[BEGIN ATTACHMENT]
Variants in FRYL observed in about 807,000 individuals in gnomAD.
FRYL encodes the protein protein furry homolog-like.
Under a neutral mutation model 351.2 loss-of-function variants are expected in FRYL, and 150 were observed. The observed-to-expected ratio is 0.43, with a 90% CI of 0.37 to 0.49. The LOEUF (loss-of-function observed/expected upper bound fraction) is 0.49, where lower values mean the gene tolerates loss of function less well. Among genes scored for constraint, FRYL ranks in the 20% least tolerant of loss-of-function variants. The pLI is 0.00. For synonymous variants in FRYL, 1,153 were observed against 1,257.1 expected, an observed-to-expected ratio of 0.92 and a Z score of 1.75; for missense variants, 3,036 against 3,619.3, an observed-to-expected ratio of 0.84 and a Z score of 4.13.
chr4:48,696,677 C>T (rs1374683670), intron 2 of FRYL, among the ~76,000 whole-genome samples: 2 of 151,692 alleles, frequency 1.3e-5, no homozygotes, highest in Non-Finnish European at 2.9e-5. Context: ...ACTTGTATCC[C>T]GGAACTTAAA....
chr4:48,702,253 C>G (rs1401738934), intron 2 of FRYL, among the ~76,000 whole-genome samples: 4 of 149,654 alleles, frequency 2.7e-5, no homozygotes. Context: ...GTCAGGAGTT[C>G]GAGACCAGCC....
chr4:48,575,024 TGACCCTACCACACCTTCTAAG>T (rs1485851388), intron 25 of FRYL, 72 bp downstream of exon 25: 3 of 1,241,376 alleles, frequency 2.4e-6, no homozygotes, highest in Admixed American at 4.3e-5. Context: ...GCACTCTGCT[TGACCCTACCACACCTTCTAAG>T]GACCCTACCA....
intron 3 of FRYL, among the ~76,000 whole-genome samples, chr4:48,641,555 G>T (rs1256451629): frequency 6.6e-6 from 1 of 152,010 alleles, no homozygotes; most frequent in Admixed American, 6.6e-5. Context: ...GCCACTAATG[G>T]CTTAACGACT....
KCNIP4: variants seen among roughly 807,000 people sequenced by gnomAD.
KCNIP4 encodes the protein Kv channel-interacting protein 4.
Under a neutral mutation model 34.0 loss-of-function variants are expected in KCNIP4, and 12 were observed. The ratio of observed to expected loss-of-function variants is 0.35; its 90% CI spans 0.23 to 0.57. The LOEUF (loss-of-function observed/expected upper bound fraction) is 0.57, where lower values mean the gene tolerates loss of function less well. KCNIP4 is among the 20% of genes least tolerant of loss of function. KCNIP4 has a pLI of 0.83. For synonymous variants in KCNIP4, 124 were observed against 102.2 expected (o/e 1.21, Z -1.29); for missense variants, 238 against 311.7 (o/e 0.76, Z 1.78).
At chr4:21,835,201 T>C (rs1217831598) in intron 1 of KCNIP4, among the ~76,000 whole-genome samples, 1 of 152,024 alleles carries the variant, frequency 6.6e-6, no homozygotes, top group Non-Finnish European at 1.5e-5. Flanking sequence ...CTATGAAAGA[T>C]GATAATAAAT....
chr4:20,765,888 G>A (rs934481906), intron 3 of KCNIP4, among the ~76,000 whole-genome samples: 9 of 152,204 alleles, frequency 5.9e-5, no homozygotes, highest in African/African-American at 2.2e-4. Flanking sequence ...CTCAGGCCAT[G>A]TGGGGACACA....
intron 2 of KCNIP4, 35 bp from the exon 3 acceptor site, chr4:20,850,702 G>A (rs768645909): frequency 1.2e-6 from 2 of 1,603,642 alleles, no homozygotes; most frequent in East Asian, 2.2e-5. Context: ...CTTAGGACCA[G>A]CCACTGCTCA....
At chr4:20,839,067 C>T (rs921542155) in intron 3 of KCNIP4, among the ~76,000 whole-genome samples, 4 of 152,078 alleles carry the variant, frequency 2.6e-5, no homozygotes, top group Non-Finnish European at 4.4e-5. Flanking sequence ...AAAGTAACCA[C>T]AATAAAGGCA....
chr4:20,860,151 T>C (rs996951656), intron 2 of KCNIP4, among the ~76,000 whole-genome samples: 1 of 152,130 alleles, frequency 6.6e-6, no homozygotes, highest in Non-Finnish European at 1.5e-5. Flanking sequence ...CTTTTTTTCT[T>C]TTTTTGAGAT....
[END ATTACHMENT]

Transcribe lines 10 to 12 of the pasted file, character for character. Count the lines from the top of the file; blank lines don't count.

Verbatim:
Under a neutral mutation model 34.0 loss-of-function variants are expected in KCNIP4, and 12 were observed. The ratio of observed to expected loss-of-function variants is 0.35; its 90% CI spans 0.23 to 0.57. The LOEUF (loss-of-function observed/expected upper bound fraction) is 0.57, where lower values mean the gene tolerates loss of function less well. KCNIP4 is among the 20% of genes least tolerant of loss of function. KCNIP4 has a pLI of 0.83. For synonymous variants in KCNIP4, 124 were observed against 102.2 expected (o/e 1.21, Z -1.29); for missense variants, 238 against 311.7 (o/e 0.76, Z 1.78).
At chr4:21,835,201 T>C (rs1217831598) in intron 1 of KCNIP4, among the ~76,000 whole-genome samples, 1 of 152,024 alleles carries the variant, frequency 6.6e-6, no homozygotes, top group Non-Finnish European at 1.5e-5. Flanking sequence ...CTATGAAAGA[T>C]GATAATAAAT....
chr4:20,765,888 G>A (rs934481906), intron 3 of KCNIP4, among the ~76,000 whole-genome samples: 9 of 152,204 alleles, frequency 5.9e-5, no homozygotes, highest in African/African-American at 2.2e-4. Flanking sequence ...CTCAGGCCAT[G>A]TGGGGACACA....